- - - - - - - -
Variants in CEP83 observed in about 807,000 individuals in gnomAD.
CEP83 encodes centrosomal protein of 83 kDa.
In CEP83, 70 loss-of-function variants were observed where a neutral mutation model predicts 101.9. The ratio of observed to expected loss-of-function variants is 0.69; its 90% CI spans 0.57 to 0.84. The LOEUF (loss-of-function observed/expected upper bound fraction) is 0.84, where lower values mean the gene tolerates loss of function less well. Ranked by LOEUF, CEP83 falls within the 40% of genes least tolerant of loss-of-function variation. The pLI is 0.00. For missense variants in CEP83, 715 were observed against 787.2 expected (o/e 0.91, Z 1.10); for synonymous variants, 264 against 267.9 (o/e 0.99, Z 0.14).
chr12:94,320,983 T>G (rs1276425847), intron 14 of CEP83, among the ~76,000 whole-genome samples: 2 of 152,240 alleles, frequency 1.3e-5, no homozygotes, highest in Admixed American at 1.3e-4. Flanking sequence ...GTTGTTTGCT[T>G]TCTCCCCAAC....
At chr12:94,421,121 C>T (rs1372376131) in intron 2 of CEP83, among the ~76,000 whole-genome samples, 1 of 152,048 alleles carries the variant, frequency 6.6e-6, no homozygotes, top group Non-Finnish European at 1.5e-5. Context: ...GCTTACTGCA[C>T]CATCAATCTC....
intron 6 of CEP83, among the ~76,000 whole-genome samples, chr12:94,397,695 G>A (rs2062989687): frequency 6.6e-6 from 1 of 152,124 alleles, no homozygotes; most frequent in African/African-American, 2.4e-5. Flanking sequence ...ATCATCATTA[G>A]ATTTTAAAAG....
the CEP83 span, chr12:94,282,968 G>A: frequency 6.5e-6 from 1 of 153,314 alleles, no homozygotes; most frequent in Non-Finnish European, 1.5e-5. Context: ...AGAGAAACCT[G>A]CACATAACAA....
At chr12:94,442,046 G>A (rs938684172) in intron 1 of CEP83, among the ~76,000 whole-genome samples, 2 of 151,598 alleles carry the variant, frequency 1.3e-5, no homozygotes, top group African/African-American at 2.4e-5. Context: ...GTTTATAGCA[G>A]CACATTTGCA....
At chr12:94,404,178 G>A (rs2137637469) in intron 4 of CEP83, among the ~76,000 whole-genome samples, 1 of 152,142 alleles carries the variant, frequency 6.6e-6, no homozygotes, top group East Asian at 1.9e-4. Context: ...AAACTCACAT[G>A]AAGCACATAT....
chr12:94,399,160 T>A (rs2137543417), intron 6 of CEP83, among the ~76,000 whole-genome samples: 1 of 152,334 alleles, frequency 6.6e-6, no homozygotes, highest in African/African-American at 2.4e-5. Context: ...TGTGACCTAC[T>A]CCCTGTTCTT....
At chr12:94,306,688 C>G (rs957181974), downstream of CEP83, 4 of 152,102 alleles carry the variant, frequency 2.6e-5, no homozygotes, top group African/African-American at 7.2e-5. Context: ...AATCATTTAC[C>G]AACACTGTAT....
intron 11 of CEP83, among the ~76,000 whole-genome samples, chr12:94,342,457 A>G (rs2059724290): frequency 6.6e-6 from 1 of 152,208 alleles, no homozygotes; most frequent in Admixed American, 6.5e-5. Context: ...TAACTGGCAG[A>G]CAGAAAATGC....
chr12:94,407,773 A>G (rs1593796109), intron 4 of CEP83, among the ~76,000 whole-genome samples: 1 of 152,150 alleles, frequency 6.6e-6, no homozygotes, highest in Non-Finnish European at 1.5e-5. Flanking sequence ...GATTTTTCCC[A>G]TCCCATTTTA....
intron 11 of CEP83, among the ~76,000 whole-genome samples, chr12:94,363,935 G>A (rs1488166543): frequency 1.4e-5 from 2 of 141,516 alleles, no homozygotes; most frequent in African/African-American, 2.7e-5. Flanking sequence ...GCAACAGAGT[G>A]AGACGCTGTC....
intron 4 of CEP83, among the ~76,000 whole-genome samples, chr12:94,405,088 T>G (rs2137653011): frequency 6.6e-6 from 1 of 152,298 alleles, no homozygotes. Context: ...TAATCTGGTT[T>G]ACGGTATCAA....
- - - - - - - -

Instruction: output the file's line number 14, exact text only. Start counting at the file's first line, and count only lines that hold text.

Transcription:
intron 11 of CEP83, among the ~76,000 whole-genome samples, chr12:94,363,935 G>A (rs1488166543): frequency 1.4e-5 from 2 of 141,516 alleles, no homozygotes; most frequent in African/African-American, 2.7e-5. Flanking sequence ...GCAACAGAGT[G>A]AGACGCTGTC....